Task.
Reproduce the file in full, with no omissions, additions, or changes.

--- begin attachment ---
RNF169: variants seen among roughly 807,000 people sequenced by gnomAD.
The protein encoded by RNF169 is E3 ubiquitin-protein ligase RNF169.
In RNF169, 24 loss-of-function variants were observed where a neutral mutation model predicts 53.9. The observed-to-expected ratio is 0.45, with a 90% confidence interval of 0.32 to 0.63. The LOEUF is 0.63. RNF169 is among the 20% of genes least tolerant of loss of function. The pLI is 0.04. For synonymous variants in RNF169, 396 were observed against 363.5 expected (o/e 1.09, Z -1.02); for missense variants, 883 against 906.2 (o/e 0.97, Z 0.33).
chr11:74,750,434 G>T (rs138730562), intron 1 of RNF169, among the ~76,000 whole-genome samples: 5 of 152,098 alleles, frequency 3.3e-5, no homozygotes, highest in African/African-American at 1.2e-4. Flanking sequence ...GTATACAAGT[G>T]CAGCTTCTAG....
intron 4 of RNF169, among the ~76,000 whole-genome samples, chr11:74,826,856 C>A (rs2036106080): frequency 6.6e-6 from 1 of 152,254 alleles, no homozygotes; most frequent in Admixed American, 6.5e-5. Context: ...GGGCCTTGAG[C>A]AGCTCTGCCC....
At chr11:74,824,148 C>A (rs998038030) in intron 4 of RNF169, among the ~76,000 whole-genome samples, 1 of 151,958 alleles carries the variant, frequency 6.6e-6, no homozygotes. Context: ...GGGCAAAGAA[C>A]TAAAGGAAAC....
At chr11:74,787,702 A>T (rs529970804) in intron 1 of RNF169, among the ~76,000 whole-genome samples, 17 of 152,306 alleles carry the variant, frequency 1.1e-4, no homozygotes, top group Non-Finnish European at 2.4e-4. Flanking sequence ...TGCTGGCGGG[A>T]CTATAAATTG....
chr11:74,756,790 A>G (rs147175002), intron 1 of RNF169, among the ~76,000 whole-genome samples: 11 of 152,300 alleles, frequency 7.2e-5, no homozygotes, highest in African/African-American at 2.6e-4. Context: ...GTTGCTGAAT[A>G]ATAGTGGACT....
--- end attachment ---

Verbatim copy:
RNF169: variants seen among roughly 807,000 people sequenced by gnomAD.
The protein encoded by RNF169 is E3 ubiquitin-protein ligase RNF169.
In RNF169, 24 loss-of-function variants were observed where a neutral mutation model predicts 53.9. The observed-to-expected ratio is 0.45, with a 90% confidence interval of 0.32 to 0.63. The LOEUF is 0.63. RNF169 is among the 20% of genes least tolerant of loss of function. The pLI is 0.04. For synonymous variants in RNF169, 396 were observed against 363.5 expected (o/e 1.09, Z -1.02); for missense variants, 883 against 906.2 (o/e 0.97, Z 0.33).
chr11:74,750,434 G>T (rs138730562), intron 1 of RNF169, among the ~76,000 whole-genome samples: 5 of 152,098 alleles, frequency 3.3e-5, no homozygotes, highest in African/African-American at 1.2e-4. Flanking sequence ...GTATACAAGT[G>T]CAGCTTCTAG....
intron 4 of RNF169, among the ~76,000 whole-genome samples, chr11:74,826,856 C>A (rs2036106080): frequency 6.6e-6 from 1 of 152,254 alleles, no homozygotes; most frequent in Admixed American, 6.5e-5. Context: ...GGGCCTTGAG[C>A]AGCTCTGCCC....
At chr11:74,824,148 C>A (rs998038030) in intron 4 of RNF169, among the ~76,000 whole-genome samples, 1 of 151,958 alleles carries the variant, frequency 6.6e-6, no homozygotes. Context: ...GGGCAAAGAA[C>A]TAAAGGAAAC....
At chr11:74,787,702 A>T (rs529970804) in intron 1 of RNF169, among the ~76,000 whole-genome samples, 17 of 152,306 alleles carry the variant, frequency 1.1e-4, no homozygotes, top group Non-Finnish European at 2.4e-4. Flanking sequence ...TGCTGGCGGG[A>T]CTATAAATTG....
chr11:74,756,790 A>G (rs147175002), intron 1 of RNF169, among the ~76,000 whole-genome samples: 11 of 152,300 alleles, frequency 7.2e-5, no homozygotes, highest in African/African-American at 2.6e-4. Context: ...GTTGCTGAAT[A>G]ATAGTGGACT....